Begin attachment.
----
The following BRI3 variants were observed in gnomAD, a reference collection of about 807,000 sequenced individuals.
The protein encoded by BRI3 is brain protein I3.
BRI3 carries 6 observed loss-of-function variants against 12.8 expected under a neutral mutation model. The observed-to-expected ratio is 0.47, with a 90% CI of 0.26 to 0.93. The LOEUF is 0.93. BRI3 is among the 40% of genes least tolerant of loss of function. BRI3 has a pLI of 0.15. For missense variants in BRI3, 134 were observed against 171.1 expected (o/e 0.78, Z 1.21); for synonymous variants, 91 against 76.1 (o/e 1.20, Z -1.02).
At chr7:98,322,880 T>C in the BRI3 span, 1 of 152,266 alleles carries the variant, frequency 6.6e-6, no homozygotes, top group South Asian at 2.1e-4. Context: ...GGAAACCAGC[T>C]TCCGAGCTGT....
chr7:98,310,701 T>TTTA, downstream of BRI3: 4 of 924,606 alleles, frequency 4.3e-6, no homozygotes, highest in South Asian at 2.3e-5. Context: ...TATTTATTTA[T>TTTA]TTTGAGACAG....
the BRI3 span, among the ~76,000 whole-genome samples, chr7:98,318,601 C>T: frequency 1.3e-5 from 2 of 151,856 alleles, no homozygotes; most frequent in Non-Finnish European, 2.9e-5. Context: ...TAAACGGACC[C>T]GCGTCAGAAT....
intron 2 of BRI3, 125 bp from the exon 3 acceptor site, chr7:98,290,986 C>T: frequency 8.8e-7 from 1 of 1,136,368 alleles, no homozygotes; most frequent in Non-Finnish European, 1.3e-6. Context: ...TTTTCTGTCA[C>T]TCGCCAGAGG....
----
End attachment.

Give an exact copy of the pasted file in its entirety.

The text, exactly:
The following BRI3 variants were observed in gnomAD, a reference collection of about 807,000 sequenced individuals.
The protein encoded by BRI3 is brain protein I3.
BRI3 carries 6 observed loss-of-function variants against 12.8 expected under a neutral mutation model. The observed-to-expected ratio is 0.47, with a 90% CI of 0.26 to 0.93. The LOEUF is 0.93. BRI3 is among the 40% of genes least tolerant of loss of function. BRI3 has a pLI of 0.15. For missense variants in BRI3, 134 were observed against 171.1 expected (o/e 0.78, Z 1.21); for synonymous variants, 91 against 76.1 (o/e 1.20, Z -1.02).
At chr7:98,322,880 T>C in the BRI3 span, 1 of 152,266 alleles carries the variant, frequency 6.6e-6, no homozygotes, top group South Asian at 2.1e-4. Context: ...GGAAACCAGC[T>C]TCCGAGCTGT....
chr7:98,310,701 T>TTTA, downstream of BRI3: 4 of 924,606 alleles, frequency 4.3e-6, no homozygotes, highest in South Asian at 2.3e-5. Context: ...TATTTATTTA[T>TTTA]TTTGAGACAG....
the BRI3 span, among the ~76,000 whole-genome samples, chr7:98,318,601 C>T: frequency 1.3e-5 from 2 of 151,856 alleles, no homozygotes; most frequent in Non-Finnish European, 2.9e-5. Context: ...TAAACGGACC[C>T]GCGTCAGAAT....
intron 2 of BRI3, 125 bp from the exon 3 acceptor site, chr7:98,290,986 C>T: frequency 8.8e-7 from 1 of 1,136,368 alleles, no homozygotes; most frequent in Non-Finnish European, 1.3e-6. Context: ...TTTTCTGTCA[C>T]TCGCCAGAGG....